Front pg #1 Headline, National Post, May 27. Great election coverage from Canada's national paper!
Behind blue eyes, our next prime minister
Odds of sharing trait: 1 in 1,000
Thursday, May 27, 2004
The Leaders of the Four Parties Vying in the Federal Election All Have Blue Eyes: Stephen Harper, Paul Martin,Jack Layton and Gilles Duceppe. One expert says he's not surprised the leaders are blue-eyed. "Colour has a profound psychological effect," Dr. Steven Narod says.
The federal leaders of the four major political parties may promote different policies, but they share a singular trait -- blue eyes.
The result of a recessive gene, blue eyes occur in about 20% of Canadians, according to Steven Narod, a genetic researcher at the University of Toronto. That means the probability of four randomly selected Canadians having blue eyes is about 0.16%.
Put another way, the odds of the leaders of the Liberals, Conservatives, NDP and Bloc Quebecois all sporting baby blues are close to one in 1,000.
No hard evidence exists to show that political leaders are more likely to rise to the top if they have blue eyes, but some experts say the shade of one's irises might hold sway with voters. "[Blue eyes] are everything that's good and wholesome. Not to mention attractive and pleasant. I didn't know all the candidates had blue eyes. I think that's good," said Dr. Alan Stanbridge, an assistant professor of visual and performing arts at the University of Toronto.
Dr. Narod said he "wouldn't be surprised" if federal leaders are more likely to have blue eyes.
"Colour has a profound psychological effect, one we're not always aware of."
To illustrate his point, Dr. Narod noted a study published last year in the Canadian Medical Association Journal.
"A woman presents a paper to an audience wearing an outfit with a colour that matches a large poster on the wall beside her. In a parallel experiment, she presents a paper in an outfit where the colour does not match the poster. She then calculates the number of people who approach her, in both circumstances, after the lecture. The response is far greater ... when the dress matches."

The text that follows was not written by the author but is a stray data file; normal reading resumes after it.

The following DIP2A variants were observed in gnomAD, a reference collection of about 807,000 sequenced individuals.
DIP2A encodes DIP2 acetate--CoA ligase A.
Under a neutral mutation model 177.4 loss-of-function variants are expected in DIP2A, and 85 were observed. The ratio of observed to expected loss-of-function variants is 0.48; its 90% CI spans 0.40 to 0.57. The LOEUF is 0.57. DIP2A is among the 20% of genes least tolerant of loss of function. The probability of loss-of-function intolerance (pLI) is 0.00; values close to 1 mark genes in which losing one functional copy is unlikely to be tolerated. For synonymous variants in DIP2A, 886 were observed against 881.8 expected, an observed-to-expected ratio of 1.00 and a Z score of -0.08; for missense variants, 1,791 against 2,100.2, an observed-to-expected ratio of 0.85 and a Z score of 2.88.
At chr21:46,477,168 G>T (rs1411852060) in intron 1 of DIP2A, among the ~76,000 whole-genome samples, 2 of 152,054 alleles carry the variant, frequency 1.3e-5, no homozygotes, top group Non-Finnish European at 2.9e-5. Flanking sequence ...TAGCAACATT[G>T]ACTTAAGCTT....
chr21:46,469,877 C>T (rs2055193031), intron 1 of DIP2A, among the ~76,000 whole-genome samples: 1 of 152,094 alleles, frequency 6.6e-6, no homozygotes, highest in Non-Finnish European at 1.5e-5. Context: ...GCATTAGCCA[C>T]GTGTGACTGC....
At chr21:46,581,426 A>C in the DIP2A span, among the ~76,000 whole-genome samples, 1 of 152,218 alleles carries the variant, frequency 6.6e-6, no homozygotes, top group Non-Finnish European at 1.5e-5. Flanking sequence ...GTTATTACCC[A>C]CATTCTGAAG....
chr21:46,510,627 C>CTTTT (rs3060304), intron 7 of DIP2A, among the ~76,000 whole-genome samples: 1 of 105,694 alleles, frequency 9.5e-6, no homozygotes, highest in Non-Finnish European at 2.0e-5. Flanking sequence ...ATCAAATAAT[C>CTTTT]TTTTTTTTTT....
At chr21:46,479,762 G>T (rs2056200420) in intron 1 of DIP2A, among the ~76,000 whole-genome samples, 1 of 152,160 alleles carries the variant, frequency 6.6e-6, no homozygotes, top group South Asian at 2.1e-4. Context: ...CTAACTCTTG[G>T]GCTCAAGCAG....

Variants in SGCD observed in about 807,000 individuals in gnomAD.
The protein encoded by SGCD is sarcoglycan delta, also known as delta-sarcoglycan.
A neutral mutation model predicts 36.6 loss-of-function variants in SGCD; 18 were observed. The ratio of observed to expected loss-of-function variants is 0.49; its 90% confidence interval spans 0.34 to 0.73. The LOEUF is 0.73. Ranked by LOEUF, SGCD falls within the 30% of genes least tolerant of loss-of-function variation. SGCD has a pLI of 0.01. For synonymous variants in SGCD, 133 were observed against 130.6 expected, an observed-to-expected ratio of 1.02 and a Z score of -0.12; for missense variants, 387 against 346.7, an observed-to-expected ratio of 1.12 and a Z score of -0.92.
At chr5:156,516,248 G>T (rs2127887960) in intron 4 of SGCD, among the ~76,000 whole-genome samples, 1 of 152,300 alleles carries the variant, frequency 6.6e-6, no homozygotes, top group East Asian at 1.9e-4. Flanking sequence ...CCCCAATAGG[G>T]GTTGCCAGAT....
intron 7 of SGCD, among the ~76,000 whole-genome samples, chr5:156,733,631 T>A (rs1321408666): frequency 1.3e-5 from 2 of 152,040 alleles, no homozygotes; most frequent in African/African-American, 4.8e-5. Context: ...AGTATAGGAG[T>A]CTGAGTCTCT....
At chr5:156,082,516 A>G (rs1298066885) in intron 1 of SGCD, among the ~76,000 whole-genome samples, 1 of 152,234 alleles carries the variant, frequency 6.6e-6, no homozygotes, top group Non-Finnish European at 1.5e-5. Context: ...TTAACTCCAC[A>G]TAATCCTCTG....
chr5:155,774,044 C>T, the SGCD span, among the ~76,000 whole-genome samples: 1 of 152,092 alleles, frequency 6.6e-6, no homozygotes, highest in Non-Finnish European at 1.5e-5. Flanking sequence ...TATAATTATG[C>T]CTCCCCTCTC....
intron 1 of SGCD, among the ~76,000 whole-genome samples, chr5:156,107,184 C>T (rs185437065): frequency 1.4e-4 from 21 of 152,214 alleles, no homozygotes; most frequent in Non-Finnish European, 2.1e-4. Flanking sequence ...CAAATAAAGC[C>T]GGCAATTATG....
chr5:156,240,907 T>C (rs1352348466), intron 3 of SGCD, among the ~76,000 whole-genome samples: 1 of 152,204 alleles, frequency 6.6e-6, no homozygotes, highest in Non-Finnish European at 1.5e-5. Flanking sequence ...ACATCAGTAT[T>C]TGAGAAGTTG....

Dr. Narod said that result says something about human nature and our reaction to colour.
"Ask those people why they approached the woman and not one would say it was because her dress matched the poster. It's the same with political leaders. Maybe I'd support someone who has blue eyes. Would I say that was the reason? Never. But it may have been an underlying motivator."
But Mary Donohue, an image coach credited with buffing the appearance of another blue-eyed politico -- Toronto Mayor David Miller -- doubts eye colour has any impact at all.
"It's a coincidence. Color doesn't count. What counts is how your eyes communicate," said Ms. Donohue, who provided some sartorial editing on behalf of Mr. Miller in the recent CBC documentary Campaign, a film about his successful mayoral bid.
Marketers have for years manipulated the colour spectrum to sell products, with blue being a desired colour.
"Blue, when it is bright, can be very intense," said Anne Sowden of Here's Looking at You Image Consulting.
"That intensity is going to shine through. Which might explain how [a politician] rose up the ranks in the first place."
Dr. Stanbridge, however, noted there are exceptions to the blue-eyes-equal-goodness equation -- something that voters might want to consider.
He underscores his point with movie lore about Sergio Leone's Once Upon a Time in the West.
"You may recall Henry Fonda's piercing blue eyes juxtaposed against Leone's whitewashed screen -- just before he kills the nine-year-old boy. Fonda had apparently expressed his concern to Leone about his wholesome image, in particular, those trustful blue eyes. Apparently Leone didn't have a problem at all with the fact that blue eyes could be associated with an evil character.
"Now what that says about our four candidates, I'll leave that up to you."